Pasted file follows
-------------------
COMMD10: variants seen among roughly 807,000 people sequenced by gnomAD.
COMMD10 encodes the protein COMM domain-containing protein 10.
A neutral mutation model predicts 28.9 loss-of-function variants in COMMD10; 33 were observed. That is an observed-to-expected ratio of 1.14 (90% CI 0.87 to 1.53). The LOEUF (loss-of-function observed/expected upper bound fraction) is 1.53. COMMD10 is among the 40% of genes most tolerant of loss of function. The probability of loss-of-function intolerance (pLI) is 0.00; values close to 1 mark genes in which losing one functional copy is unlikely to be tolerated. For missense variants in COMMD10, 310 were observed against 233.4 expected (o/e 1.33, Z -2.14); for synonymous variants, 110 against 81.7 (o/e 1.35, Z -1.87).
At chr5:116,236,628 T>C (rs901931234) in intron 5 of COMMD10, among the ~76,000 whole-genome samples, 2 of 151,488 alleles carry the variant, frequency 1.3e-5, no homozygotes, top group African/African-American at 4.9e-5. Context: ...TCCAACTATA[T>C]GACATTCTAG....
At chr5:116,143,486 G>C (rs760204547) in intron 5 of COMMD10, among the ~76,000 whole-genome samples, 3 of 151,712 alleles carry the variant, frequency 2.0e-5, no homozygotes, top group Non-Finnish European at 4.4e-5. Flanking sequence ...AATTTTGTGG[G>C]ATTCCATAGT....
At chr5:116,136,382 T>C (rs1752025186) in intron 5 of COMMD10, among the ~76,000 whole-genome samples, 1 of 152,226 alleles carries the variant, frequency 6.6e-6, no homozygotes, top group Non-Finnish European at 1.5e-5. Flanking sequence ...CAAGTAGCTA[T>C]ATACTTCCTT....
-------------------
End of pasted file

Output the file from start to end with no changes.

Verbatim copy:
COMMD10: variants seen among roughly 807,000 people sequenced by gnomAD.
COMMD10 encodes the protein COMM domain-containing protein 10.
A neutral mutation model predicts 28.9 loss-of-function variants in COMMD10; 33 were observed. That is an observed-to-expected ratio of 1.14 (90% CI 0.87 to 1.53). The LOEUF (loss-of-function observed/expected upper bound fraction) is 1.53. COMMD10 is among the 40% of genes most tolerant of loss of function. The probability of loss-of-function intolerance (pLI) is 0.00; values close to 1 mark genes in which losing one functional copy is unlikely to be tolerated. For missense variants in COMMD10, 310 were observed against 233.4 expected (o/e 1.33, Z -2.14); for synonymous variants, 110 against 81.7 (o/e 1.35, Z -1.87).
At chr5:116,236,628 T>C (rs901931234) in intron 5 of COMMD10, among the ~76,000 whole-genome samples, 2 of 151,488 alleles carry the variant, frequency 1.3e-5, no homozygotes, top group African/African-American at 4.9e-5. Context: ...TCCAACTATA[T>C]GACATTCTAG....
At chr5:116,143,486 G>C (rs760204547) in intron 5 of COMMD10, among the ~76,000 whole-genome samples, 3 of 151,712 alleles carry the variant, frequency 2.0e-5, no homozygotes, top group Non-Finnish European at 4.4e-5. Flanking sequence ...AATTTTGTGG[G>C]ATTCCATAGT....
At chr5:116,136,382 T>C (rs1752025186) in intron 5 of COMMD10, among the ~76,000 whole-genome samples, 1 of 152,226 alleles carries the variant, frequency 6.6e-6, no homozygotes, top group Non-Finnish European at 1.5e-5. Flanking sequence ...CAAGTAGCTA[T>C]ATACTTCCTT....